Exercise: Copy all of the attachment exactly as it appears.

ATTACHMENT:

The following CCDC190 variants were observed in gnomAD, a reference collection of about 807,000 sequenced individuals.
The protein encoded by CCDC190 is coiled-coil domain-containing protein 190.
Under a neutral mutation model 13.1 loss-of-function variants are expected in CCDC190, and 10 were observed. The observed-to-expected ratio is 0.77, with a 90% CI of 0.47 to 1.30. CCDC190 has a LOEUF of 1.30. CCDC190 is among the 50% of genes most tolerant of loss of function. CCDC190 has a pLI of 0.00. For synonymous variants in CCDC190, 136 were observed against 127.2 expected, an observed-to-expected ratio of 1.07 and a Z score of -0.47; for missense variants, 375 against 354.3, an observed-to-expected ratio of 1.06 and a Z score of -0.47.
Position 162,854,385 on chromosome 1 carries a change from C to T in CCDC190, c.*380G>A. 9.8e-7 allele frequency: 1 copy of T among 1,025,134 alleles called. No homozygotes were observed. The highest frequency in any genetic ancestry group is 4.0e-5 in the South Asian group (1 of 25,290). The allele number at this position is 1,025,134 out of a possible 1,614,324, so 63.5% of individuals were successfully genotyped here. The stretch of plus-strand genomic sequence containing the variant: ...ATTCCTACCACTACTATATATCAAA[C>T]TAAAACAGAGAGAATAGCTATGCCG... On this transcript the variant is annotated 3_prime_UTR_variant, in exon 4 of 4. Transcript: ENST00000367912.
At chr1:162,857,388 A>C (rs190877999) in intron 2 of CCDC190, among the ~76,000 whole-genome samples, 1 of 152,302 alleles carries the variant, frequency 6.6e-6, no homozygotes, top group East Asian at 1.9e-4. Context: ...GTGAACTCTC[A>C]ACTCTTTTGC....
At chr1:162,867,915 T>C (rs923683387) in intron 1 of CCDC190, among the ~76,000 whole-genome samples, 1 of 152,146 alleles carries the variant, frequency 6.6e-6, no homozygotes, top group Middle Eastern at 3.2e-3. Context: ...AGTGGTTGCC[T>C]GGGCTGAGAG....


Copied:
The following CCDC190 variants were observed in gnomAD, a reference collection of about 807,000 sequenced individuals.
The protein encoded by CCDC190 is coiled-coil domain-containing protein 190.
Under a neutral mutation model 13.1 loss-of-function variants are expected in CCDC190, and 10 were observed. The observed-to-expected ratio is 0.77, with a 90% CI of 0.47 to 1.30. CCDC190 has a LOEUF of 1.30. CCDC190 is among the 50% of genes most tolerant of loss of function. CCDC190 has a pLI of 0.00. For synonymous variants in CCDC190, 136 were observed against 127.2 expected, an observed-to-expected ratio of 1.07 and a Z score of -0.47; for missense variants, 375 against 354.3, an observed-to-expected ratio of 1.06 and a Z score of -0.47.
Position 162,854,385 on chromosome 1 carries a change from C to T in CCDC190, c.*380G>A. 9.8e-7 allele frequency: 1 copy of T among 1,025,134 alleles called. No homozygotes were observed. The highest frequency in any genetic ancestry group is 4.0e-5 in the South Asian group (1 of 25,290). The allele number at this position is 1,025,134 out of a possible 1,614,324, so 63.5% of individuals were successfully genotyped here. The stretch of plus-strand genomic sequence containing the variant: ...ATTCCTACCACTACTATATATCAAA[C>T]TAAAACAGAGAGAATAGCTATGCCG... On this transcript the variant is annotated 3_prime_UTR_variant, in exon 4 of 4. Transcript: ENST00000367912.
At chr1:162,857,388 A>C (rs190877999) in intron 2 of CCDC190, among the ~76,000 whole-genome samples, 1 of 152,302 alleles carries the variant, frequency 6.6e-6, no homozygotes, top group East Asian at 1.9e-4. Context: ...GTGAACTCTC[A>C]ACTCTTTTGC....
At chr1:162,867,915 T>C (rs923683387) in intron 1 of CCDC190, among the ~76,000 whole-genome samples, 1 of 152,146 alleles carries the variant, frequency 6.6e-6, no homozygotes, top group Middle Eastern at 3.2e-3. Context: ...AGTGGTTGCC[T>C]GGGCTGAGAG....